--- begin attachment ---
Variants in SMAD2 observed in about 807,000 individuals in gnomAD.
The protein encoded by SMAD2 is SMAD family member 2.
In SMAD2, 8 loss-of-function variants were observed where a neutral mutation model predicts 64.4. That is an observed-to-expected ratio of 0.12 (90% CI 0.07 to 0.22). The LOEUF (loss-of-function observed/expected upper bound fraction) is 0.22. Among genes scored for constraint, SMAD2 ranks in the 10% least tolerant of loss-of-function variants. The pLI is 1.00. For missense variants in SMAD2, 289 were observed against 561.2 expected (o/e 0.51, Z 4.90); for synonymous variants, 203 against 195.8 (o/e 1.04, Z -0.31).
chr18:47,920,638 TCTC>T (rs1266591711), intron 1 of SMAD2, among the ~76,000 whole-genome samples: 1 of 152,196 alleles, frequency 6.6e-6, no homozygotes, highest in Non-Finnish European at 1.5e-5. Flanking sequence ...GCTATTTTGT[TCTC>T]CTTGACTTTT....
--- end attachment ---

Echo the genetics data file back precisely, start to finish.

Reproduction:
Variants in SMAD2 observed in about 807,000 individuals in gnomAD.
The protein encoded by SMAD2 is SMAD family member 2.
In SMAD2, 8 loss-of-function variants were observed where a neutral mutation model predicts 64.4. That is an observed-to-expected ratio of 0.12 (90% CI 0.07 to 0.22). The LOEUF (loss-of-function observed/expected upper bound fraction) is 0.22. Among genes scored for constraint, SMAD2 ranks in the 10% least tolerant of loss-of-function variants. The pLI is 1.00. For missense variants in SMAD2, 289 were observed against 561.2 expected (o/e 0.51, Z 4.90); for synonymous variants, 203 against 195.8 (o/e 1.04, Z -0.31).
chr18:47,920,638 TCTC>T (rs1266591711), intron 1 of SMAD2, among the ~76,000 whole-genome samples: 1 of 152,196 alleles, frequency 6.6e-6, no homozygotes, highest in Non-Finnish European at 1.5e-5. Flanking sequence ...GCTATTTTGT[TCTC>T]CTTGACTTTT....